105,709 total final claims filed. 21,261 final claims paid or indicated they would accept. Percentage of claims paid: 20%
So what can a reasonable person deduce from these numbers?
1. Of all the claims filed, the percentage of interim claims paid is lowest. Seeing as how the interim claims are the only claims one can accept while retaining the right to sue British Petroleum, Feinberg’s employer, this can lead a reasonable person to believe that perhaps these claims are being stalled. After all it is in British Petroleum’s interest to have those rights waived, and to get claimants into one of the categories where they don;t have to continue to pay out money.
2. Of all the claims filed, the percentage of quick pay claims paid is far, far higher than the other two types. This could certainly be because they are the easiest claims to audit, because there is no further documentation needed (although in the fine print could be a call from Guidepost Solutions, the investigative arm of the GCCF, checking you out for fraud despite the fact these claims were supposed to be paid out with no questions asked for people who previously received EAP’s). Nonetheless, at $5,000 dollars for individuals and $25,000 dollars for businesses, these claims are also the cheapest to resolve, and with a signature on a waiver, releasing your right to sue British Petroleum, resolving these claims is by far in the best interest of British Petroleum and therefore, the GCCF and Ken Feinberg.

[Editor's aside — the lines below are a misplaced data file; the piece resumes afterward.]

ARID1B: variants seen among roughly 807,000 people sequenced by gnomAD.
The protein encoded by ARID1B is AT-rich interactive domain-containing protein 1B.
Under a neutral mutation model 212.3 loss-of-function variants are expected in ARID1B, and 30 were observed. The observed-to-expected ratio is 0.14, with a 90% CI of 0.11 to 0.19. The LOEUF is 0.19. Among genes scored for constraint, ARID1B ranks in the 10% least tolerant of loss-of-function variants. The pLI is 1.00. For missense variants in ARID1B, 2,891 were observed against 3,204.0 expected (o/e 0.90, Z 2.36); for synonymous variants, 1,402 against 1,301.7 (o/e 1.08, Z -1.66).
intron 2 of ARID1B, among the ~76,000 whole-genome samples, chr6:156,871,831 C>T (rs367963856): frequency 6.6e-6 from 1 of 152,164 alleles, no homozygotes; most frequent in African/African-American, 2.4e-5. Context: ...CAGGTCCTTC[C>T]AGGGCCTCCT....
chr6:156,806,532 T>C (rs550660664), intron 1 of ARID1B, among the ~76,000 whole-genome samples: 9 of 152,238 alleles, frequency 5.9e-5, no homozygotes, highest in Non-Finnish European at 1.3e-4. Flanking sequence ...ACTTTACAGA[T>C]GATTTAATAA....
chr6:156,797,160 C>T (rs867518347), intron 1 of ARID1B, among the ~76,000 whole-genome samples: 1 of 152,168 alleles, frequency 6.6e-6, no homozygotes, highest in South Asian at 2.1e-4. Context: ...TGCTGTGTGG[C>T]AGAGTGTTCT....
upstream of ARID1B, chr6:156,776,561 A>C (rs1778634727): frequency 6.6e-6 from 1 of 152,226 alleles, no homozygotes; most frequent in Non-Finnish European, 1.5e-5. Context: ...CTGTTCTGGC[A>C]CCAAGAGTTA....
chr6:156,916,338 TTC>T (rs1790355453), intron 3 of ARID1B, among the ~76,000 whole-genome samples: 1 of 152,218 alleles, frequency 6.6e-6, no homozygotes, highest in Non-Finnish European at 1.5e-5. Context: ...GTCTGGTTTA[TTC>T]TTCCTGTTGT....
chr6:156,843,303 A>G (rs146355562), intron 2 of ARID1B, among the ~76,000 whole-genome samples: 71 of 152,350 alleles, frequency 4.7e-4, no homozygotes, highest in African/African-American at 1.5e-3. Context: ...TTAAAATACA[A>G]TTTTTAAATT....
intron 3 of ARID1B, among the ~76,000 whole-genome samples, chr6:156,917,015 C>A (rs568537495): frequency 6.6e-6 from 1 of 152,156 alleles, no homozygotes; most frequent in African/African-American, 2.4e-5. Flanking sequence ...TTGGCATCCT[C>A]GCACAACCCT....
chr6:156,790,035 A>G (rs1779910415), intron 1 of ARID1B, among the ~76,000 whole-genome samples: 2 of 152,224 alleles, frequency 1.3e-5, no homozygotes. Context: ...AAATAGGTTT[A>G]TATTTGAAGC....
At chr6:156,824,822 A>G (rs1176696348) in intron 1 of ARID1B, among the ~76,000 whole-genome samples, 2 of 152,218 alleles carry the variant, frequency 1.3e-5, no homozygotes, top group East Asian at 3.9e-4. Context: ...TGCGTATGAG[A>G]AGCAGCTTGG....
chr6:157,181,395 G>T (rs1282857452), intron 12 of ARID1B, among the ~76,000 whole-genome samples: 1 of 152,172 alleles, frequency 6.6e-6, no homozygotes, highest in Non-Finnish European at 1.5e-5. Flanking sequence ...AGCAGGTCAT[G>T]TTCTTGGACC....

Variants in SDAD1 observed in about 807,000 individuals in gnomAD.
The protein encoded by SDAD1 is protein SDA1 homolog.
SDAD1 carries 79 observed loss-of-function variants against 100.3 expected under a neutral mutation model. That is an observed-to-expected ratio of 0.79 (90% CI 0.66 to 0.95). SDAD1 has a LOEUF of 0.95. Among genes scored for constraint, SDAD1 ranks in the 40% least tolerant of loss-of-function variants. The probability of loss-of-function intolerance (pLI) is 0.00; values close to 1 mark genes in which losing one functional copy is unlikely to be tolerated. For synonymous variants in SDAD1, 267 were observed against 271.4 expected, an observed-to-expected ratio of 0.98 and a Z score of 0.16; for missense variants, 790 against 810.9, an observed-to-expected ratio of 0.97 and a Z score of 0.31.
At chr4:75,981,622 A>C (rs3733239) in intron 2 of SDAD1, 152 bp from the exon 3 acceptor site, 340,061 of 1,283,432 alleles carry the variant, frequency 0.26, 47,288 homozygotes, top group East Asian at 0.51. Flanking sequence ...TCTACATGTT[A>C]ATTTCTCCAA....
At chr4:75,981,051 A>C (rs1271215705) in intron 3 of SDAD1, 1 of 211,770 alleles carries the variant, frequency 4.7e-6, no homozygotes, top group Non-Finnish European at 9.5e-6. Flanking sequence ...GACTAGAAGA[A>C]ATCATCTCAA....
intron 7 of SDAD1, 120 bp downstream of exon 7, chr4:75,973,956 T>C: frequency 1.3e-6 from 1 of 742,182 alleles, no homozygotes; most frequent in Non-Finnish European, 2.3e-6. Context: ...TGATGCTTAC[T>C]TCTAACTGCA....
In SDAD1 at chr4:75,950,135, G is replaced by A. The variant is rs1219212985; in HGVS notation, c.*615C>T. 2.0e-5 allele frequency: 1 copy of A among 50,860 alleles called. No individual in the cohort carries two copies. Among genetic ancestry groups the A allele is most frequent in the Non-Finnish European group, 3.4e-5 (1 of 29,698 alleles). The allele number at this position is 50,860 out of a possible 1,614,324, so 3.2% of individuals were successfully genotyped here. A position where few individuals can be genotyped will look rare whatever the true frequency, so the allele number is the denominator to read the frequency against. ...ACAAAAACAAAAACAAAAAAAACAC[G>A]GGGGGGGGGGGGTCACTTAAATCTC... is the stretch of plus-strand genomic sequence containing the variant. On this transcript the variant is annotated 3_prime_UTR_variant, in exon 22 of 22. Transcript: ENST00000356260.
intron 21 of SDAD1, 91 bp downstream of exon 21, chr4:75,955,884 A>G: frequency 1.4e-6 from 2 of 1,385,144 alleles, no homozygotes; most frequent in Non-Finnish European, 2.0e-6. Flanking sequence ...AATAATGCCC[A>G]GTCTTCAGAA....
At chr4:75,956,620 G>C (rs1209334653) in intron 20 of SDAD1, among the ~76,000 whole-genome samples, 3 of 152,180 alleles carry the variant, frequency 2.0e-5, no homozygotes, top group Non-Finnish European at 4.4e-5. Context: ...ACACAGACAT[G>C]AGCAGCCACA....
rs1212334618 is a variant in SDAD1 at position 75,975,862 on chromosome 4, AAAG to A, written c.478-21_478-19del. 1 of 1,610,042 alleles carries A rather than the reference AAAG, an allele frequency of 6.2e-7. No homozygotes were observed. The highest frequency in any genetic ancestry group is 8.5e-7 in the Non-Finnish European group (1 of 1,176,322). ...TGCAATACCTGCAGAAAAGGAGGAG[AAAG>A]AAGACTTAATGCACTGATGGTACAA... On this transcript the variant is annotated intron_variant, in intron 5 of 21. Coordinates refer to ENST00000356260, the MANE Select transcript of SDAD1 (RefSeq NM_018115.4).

3. When it comes to the final claims, which also requires one to waive the right to sue British Petroleum, the GCCF website states that of the 105,709 final claims filed, the GCCF has reviewed 84,767 of them, already paid 17,000 and have made offers on an additional 15,000, of which 4,000 have indicated they would accept. If only 21.000 have accepted a final payment out of over a hundred thousand claims filed, these are also moving extraordinarily slow and if they are so generous, what is the hold up for the 11,000 claimants who have received final offers and not as yet accepted?
4. It is this writer’s opinion that claimants are being stalled into filing quick payments as they are the only ones being paid with any sense of urgency. As people grow increasingly desperate, financially in the Gulf, the quick payment becomes increasingly attractive, like buying the rent-a-wreck because its your only way to work, and your running late. In the end, these payments have a far higher chance of leaving a claimant financially screwed.
Lastly, let’s take a look at the statistics from the GCCF website regarding the amounts of the claims paid out.